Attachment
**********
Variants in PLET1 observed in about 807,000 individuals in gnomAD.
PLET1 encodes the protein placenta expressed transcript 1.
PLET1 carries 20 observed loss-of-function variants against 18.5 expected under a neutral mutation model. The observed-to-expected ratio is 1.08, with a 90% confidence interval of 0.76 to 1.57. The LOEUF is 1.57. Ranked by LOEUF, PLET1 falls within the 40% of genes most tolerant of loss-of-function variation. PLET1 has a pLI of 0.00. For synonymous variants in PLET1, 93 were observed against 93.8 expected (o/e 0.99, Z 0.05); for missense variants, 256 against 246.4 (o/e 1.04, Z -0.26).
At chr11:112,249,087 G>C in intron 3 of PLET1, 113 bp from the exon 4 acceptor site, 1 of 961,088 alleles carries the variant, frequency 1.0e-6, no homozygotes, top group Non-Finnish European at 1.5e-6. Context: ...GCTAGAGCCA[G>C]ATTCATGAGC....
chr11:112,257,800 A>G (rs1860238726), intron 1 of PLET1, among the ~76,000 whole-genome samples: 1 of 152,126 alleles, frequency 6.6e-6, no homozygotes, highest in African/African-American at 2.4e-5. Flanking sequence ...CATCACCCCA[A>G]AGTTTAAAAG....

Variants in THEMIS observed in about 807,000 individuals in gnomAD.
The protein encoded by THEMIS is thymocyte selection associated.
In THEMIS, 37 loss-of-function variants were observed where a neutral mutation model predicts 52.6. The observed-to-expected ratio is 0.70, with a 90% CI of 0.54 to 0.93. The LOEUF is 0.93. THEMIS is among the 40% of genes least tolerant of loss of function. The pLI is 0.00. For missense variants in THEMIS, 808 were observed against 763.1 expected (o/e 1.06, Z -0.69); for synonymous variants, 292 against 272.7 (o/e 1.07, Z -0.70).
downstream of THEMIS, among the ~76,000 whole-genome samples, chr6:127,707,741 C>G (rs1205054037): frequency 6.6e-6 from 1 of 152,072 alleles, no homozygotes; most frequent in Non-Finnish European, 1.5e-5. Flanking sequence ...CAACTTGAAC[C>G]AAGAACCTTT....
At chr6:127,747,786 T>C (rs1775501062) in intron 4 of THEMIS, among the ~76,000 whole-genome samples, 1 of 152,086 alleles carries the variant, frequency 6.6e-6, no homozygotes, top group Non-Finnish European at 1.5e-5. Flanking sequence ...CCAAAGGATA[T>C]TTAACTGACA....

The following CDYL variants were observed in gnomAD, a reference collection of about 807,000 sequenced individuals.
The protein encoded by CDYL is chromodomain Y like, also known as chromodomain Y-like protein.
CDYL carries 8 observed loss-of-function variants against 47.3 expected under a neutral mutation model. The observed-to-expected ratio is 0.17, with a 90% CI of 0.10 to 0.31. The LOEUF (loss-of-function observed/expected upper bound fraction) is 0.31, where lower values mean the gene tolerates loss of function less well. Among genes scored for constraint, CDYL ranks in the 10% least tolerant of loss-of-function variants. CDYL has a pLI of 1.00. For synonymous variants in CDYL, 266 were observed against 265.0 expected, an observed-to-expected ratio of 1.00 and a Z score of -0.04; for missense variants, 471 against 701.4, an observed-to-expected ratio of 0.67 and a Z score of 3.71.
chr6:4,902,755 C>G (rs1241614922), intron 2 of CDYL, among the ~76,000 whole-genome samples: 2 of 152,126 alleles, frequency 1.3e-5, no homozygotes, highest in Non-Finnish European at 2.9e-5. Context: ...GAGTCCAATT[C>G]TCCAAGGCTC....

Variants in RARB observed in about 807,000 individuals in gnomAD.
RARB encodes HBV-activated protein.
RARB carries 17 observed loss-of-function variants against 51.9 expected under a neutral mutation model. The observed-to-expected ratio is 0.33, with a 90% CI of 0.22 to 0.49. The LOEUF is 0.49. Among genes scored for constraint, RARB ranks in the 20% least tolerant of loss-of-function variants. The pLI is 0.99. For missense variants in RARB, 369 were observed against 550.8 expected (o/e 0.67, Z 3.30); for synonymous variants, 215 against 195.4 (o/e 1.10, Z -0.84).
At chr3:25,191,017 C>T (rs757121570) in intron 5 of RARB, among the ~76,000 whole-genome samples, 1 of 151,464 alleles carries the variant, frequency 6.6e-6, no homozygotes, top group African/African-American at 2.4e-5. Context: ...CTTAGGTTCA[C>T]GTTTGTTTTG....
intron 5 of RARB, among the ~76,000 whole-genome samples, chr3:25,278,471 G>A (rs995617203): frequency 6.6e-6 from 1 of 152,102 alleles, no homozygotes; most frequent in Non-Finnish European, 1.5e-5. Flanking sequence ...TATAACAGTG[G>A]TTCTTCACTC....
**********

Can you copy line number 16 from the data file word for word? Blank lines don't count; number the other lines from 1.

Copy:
RARB encodes HBV-activated protein.